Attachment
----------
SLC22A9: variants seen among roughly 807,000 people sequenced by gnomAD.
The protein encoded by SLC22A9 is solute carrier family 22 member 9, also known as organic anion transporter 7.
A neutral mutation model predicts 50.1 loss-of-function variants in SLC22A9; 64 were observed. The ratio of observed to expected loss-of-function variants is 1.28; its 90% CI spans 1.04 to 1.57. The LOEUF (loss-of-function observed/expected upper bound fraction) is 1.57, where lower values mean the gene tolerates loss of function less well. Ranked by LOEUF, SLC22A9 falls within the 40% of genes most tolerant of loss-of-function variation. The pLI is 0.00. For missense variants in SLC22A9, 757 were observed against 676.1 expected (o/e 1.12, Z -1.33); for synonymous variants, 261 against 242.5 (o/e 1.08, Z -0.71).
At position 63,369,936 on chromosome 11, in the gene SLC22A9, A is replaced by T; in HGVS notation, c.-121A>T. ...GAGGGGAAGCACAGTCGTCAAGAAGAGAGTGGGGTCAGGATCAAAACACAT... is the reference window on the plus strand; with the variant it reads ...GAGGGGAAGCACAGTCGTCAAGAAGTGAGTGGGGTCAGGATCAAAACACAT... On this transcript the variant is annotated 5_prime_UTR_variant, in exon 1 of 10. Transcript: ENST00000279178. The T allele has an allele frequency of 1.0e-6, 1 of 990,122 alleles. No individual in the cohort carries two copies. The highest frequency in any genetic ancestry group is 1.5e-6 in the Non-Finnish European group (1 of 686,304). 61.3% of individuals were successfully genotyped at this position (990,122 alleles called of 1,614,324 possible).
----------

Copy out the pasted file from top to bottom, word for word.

SLC22A9: variants seen among roughly 807,000 people sequenced by gnomAD.
The protein encoded by SLC22A9 is solute carrier family 22 member 9, also known as organic anion transporter 7.
A neutral mutation model predicts 50.1 loss-of-function variants in SLC22A9; 64 were observed. The ratio of observed to expected loss-of-function variants is 1.28; its 90% CI spans 1.04 to 1.57. The LOEUF (loss-of-function observed/expected upper bound fraction) is 1.57, where lower values mean the gene tolerates loss of function less well. Ranked by LOEUF, SLC22A9 falls within the 40% of genes most tolerant of loss-of-function variation. The pLI is 0.00. For missense variants in SLC22A9, 757 were observed against 676.1 expected (o/e 1.12, Z -1.33); for synonymous variants, 261 against 242.5 (o/e 1.08, Z -0.71).
At position 63,369,936 on chromosome 11, in the gene SLC22A9, A is replaced by T; in HGVS notation, c.-121A>T. ...GAGGGGAAGCACAGTCGTCAAGAAGAGAGTGGGGTCAGGATCAAAACACAT... is the reference window on the plus strand; with the variant it reads ...GAGGGGAAGCACAGTCGTCAAGAAGTGAGTGGGGTCAGGATCAAAACACAT... On this transcript the variant is annotated 5_prime_UTR_variant, in exon 1 of 10. Transcript: ENST00000279178. The T allele has an allele frequency of 1.0e-6, 1 of 990,122 alleles. No individual in the cohort carries two copies. The highest frequency in any genetic ancestry group is 1.5e-6 in the Non-Finnish European group (1 of 686,304). 61.3% of individuals were successfully genotyped at this position (990,122 alleles called of 1,614,324 possible).